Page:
April 2012 Issue
Finding Good Hose Clamps
Take a magnet along when you go clamp shopping
In the December 2011 article, “Maintaining Stainless Steel,” you mention that there are hose-clamp makers that get the stainless-steel combination right, but never shared who those manufacturers might be. I’d love to know who’s your pick!
Relative Wind, Catalina 27
We’ve evaluated dozens of hose clamps over the years—and suffered our share of corrosion failures in use. These past experience have left us with two hose-clamp mantras: Not all clamps are created equal, and never go clamp shopping without a magnet.
Some years ago—following numerous reader complaints of corroded hose clamps—we examined a handful of random “stainless” clamps from Ideal, DPC Co., Murray, Wittek, DuPage, Tridon, Gold Seal, and EEZE. Since all carried claims they were “stainless” or “all stainless,” we used a strong magnet to determine which were austenitic, ferric, or martensitic. Of the 10 clamps tested, only four passed the magnet test: two DPCs clamps, one EEZE, and one Gold Seal. In each failure, the perforated band was not magnetic, but the adjusting screw was—and when the screw corrodes, it’s game over.
The bottom line was that buyers have a 40-percent chance of getting quality, stainless hose clamps, despite makers’ claims. Lesson learned: Buy hose clamps from a local chandlery so you can inspect them before buying, and take a good magnet along for the task; be sure to check the band, housing, and the screw. It’s an easy and reasonable—but not foolproof—test that gives you better chances of avoiding early clamp failure.
Clamps made with inferior stainless (usually 400) or other metals will stick to the magnet. Good-quality stainless (300+) will be non-magnetic or nearly non-magnetic, and the best-quality clamps will be made with 316 stainless and won’t be magnetic at all.
In response to our magnet-test findings, a representative from the Ideal Division of Epicor Industries wrote us, explaining that “cheap hose clamps are not good…good hose clamps are not cheap”—worthwhile advice, straight from the horse’s mouth.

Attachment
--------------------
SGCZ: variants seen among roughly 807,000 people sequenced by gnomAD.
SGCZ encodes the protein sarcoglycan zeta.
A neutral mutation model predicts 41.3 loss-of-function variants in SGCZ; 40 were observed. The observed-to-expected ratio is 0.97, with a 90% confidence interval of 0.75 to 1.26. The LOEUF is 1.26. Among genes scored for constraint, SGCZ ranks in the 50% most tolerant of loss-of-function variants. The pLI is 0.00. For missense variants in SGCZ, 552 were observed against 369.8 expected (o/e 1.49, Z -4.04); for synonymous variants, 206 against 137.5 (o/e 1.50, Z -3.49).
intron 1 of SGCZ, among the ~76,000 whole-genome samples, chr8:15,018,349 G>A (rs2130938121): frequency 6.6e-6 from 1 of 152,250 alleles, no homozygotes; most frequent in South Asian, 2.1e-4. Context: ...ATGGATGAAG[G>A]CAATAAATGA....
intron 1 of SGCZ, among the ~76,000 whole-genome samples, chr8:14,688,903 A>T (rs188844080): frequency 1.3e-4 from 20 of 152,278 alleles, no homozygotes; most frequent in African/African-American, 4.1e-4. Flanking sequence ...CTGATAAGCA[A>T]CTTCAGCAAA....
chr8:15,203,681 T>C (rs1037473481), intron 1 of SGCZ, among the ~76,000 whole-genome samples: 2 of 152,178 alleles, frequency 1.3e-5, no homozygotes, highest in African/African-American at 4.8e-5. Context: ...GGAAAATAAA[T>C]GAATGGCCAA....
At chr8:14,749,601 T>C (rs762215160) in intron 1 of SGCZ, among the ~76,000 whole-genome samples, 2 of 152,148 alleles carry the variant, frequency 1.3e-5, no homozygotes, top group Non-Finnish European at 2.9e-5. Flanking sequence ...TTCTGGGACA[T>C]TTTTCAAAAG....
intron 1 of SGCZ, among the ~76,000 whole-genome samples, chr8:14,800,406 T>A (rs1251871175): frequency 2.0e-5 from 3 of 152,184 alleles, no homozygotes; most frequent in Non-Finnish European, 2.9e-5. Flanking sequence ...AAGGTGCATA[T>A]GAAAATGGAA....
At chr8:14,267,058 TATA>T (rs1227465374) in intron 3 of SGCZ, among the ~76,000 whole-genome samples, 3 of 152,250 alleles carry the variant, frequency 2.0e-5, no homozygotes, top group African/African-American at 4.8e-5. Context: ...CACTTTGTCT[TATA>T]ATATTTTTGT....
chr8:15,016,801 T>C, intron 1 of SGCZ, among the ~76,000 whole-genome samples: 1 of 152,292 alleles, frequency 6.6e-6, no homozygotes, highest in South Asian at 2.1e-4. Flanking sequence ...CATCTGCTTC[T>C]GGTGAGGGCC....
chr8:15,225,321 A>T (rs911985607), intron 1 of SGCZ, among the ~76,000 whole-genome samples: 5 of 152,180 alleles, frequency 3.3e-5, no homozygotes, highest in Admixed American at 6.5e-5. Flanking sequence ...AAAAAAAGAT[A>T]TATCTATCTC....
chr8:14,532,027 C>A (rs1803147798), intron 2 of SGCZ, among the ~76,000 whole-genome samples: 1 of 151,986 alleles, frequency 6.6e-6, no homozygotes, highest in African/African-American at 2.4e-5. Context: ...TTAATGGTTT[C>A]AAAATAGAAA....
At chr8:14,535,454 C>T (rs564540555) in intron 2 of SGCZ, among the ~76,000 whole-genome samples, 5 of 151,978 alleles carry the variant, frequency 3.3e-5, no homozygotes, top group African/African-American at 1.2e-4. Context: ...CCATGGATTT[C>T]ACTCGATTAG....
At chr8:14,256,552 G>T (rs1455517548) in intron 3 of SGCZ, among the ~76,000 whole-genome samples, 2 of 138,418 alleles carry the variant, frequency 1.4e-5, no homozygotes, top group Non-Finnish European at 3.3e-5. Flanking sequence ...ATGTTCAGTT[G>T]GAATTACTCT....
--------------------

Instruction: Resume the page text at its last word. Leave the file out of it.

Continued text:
In a followup look at hose clamps, we used a screwdriver and torque wrench to force failure in an inexpensive clamp from Norton and a more expensive one from AWAB. Both 7/8-inch clamps passed the magnet test, but the Norton featured a perforated band while the AWAB had a band with pressed ridges in the metal that did not go all the way through. According to AWAB, these teeth offer a better fit on hoses than the punched-hole bands, and because there are no holes in the band, there’s more material to carry the loads.
In our torque-to-death test, the Norton’s screw housing failed with 7.5 foot pounds of pressure, the same amount of squeeze that flattened the threads of the AWAB.
While that test left us with no clear winner, the AWAB hose clamps have a good reputation in the industry for being high quality and comparatively trouble free. The maker claims its marine clamps are all 316 stainless, and our examinations have supported the claim.
Practical Sailor contributor and marine consultant Steve D’Antonio (www.stevedmarineconsulting.com) recommends the AWAB hose clamps for onboard applications, as does noted marine author and boatbuilder Nigel Calder. D’Antonio said that they have a slight design edge over others. (His website features several good articles on hose clamps.)
Your best bet is to use all 316-stainless hose clamps (AWAB or other proven brand) and to be sure you install them properly and maintain them regularly. We recommend using two hose clamps where possible, with the first one set a quarter-inch from the hose end. (The American Boat and Yacht Council requires two clamps on wet exhaust systems.) Never overtighten the screws as that will damage the housing or threads.
It’s also a good practice to regularly inspect all hose clamps, at least every three to four months. Replace any clamps that show signs of corrosion.
We’re putting together a new test of stainless-steel hose clamps. Look for that report in the near future.